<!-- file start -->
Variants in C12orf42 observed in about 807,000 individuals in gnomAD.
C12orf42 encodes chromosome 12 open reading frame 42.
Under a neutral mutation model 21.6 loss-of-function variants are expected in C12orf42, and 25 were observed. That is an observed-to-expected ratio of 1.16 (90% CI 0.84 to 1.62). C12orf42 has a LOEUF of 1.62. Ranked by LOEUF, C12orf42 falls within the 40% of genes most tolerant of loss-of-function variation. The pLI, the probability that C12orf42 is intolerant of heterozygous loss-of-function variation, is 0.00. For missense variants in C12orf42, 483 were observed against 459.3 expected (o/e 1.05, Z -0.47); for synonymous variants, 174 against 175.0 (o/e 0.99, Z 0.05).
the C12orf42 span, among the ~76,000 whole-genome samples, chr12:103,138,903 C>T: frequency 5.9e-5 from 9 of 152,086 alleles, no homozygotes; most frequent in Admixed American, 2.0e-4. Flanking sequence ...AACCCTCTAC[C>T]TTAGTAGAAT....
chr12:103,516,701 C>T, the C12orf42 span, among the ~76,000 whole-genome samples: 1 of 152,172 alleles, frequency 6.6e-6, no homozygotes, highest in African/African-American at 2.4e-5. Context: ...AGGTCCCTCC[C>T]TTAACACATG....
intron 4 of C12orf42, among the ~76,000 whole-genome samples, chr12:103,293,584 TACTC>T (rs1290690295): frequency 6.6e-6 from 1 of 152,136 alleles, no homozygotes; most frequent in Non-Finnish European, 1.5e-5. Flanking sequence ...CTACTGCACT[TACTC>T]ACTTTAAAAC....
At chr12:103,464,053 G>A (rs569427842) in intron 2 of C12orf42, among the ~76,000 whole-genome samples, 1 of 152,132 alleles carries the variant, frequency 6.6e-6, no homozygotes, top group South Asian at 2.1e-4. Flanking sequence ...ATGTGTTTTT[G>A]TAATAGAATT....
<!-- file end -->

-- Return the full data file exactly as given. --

Variants in C12orf42 observed in about 807,000 individuals in gnomAD.
C12orf42 encodes chromosome 12 open reading frame 42.
Under a neutral mutation model 21.6 loss-of-function variants are expected in C12orf42, and 25 were observed. That is an observed-to-expected ratio of 1.16 (90% CI 0.84 to 1.62). C12orf42 has a LOEUF of 1.62. Ranked by LOEUF, C12orf42 falls within the 40% of genes most tolerant of loss-of-function variation. The pLI, the probability that C12orf42 is intolerant of heterozygous loss-of-function variation, is 0.00. For missense variants in C12orf42, 483 were observed against 459.3 expected (o/e 1.05, Z -0.47); for synonymous variants, 174 against 175.0 (o/e 0.99, Z 0.05).
the C12orf42 span, among the ~76,000 whole-genome samples, chr12:103,138,903 C>T: frequency 5.9e-5 from 9 of 152,086 alleles, no homozygotes; most frequent in Admixed American, 2.0e-4. Flanking sequence ...AACCCTCTAC[C>T]TTAGTAGAAT....
chr12:103,516,701 C>T, the C12orf42 span, among the ~76,000 whole-genome samples: 1 of 152,172 alleles, frequency 6.6e-6, no homozygotes, highest in African/African-American at 2.4e-5. Context: ...AGGTCCCTCC[C>T]TTAACACATG....
intron 4 of C12orf42, among the ~76,000 whole-genome samples, chr12:103,293,584 TACTC>T (rs1290690295): frequency 6.6e-6 from 1 of 152,136 alleles, no homozygotes; most frequent in Non-Finnish European, 1.5e-5. Flanking sequence ...CTACTGCACT[TACTC>T]ACTTTAAAAC....
At chr12:103,464,053 G>A (rs569427842) in intron 2 of C12orf42, among the ~76,000 whole-genome samples, 1 of 152,132 alleles carries the variant, frequency 6.6e-6, no homozygotes, top group South Asian at 2.1e-4. Flanking sequence ...ATGTGTTTTT[G>A]TAATAGAATT....